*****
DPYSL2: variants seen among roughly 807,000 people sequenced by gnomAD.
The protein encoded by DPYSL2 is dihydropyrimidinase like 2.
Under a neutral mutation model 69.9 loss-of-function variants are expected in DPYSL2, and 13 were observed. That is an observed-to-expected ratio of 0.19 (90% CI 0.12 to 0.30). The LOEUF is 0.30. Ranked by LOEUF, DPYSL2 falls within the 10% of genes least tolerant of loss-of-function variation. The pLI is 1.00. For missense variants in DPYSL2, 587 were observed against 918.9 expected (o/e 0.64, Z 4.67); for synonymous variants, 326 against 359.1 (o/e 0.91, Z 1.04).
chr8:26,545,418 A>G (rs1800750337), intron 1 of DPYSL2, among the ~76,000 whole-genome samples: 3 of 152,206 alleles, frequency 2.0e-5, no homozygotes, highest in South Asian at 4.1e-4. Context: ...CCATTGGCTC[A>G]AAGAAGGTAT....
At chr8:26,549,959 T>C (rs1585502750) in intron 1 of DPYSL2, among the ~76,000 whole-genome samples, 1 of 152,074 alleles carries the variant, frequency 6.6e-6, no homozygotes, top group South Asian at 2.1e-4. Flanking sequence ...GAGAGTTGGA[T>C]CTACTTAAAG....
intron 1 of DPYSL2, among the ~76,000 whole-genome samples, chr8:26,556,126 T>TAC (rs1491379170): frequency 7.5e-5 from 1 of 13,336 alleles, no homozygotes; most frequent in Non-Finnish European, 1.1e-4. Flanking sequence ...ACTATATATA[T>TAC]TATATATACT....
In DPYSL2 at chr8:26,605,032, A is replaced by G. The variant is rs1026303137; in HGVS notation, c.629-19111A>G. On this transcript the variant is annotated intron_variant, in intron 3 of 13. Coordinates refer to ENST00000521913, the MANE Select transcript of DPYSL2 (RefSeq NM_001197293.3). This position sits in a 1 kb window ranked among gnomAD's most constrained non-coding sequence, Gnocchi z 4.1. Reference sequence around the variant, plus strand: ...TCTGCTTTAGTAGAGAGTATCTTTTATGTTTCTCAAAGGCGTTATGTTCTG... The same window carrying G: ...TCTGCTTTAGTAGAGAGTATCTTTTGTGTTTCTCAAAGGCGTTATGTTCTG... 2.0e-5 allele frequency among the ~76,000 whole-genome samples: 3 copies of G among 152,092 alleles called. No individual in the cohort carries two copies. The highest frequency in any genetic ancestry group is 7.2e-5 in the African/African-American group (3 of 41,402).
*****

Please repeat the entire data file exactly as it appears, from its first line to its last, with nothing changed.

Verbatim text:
DPYSL2: variants seen among roughly 807,000 people sequenced by gnomAD.
The protein encoded by DPYSL2 is dihydropyrimidinase like 2.
Under a neutral mutation model 69.9 loss-of-function variants are expected in DPYSL2, and 13 were observed. That is an observed-to-expected ratio of 0.19 (90% CI 0.12 to 0.30). The LOEUF is 0.30. Ranked by LOEUF, DPYSL2 falls within the 10% of genes least tolerant of loss-of-function variation. The pLI is 1.00. For missense variants in DPYSL2, 587 were observed against 918.9 expected (o/e 0.64, Z 4.67); for synonymous variants, 326 against 359.1 (o/e 0.91, Z 1.04).
chr8:26,545,418 A>G (rs1800750337), intron 1 of DPYSL2, among the ~76,000 whole-genome samples: 3 of 152,206 alleles, frequency 2.0e-5, no homozygotes, highest in South Asian at 4.1e-4. Context: ...CCATTGGCTC[A>G]AAGAAGGTAT....
At chr8:26,549,959 T>C (rs1585502750) in intron 1 of DPYSL2, among the ~76,000 whole-genome samples, 1 of 152,074 alleles carries the variant, frequency 6.6e-6, no homozygotes, top group South Asian at 2.1e-4. Flanking sequence ...GAGAGTTGGA[T>C]CTACTTAAAG....
intron 1 of DPYSL2, among the ~76,000 whole-genome samples, chr8:26,556,126 T>TAC (rs1491379170): frequency 7.5e-5 from 1 of 13,336 alleles, no homozygotes; most frequent in Non-Finnish European, 1.1e-4. Flanking sequence ...ACTATATATA[T>TAC]TATATATACT....
In DPYSL2 at chr8:26,605,032, A is replaced by G. The variant is rs1026303137; in HGVS notation, c.629-19111A>G. On this transcript the variant is annotated intron_variant, in intron 3 of 13. Coordinates refer to ENST00000521913, the MANE Select transcript of DPYSL2 (RefSeq NM_001197293.3). This position sits in a 1 kb window ranked among gnomAD's most constrained non-coding sequence, Gnocchi z 4.1. Reference sequence around the variant, plus strand: ...TCTGCTTTAGTAGAGAGTATCTTTTATGTTTCTCAAAGGCGTTATGTTCTG... The same window carrying G: ...TCTGCTTTAGTAGAGAGTATCTTTTGTGTTTCTCAAAGGCGTTATGTTCTG... 2.0e-5 allele frequency among the ~76,000 whole-genome samples: 3 copies of G among 152,092 alleles called. No individual in the cohort carries two copies. The highest frequency in any genetic ancestry group is 7.2e-5 in the African/African-American group (3 of 41,402).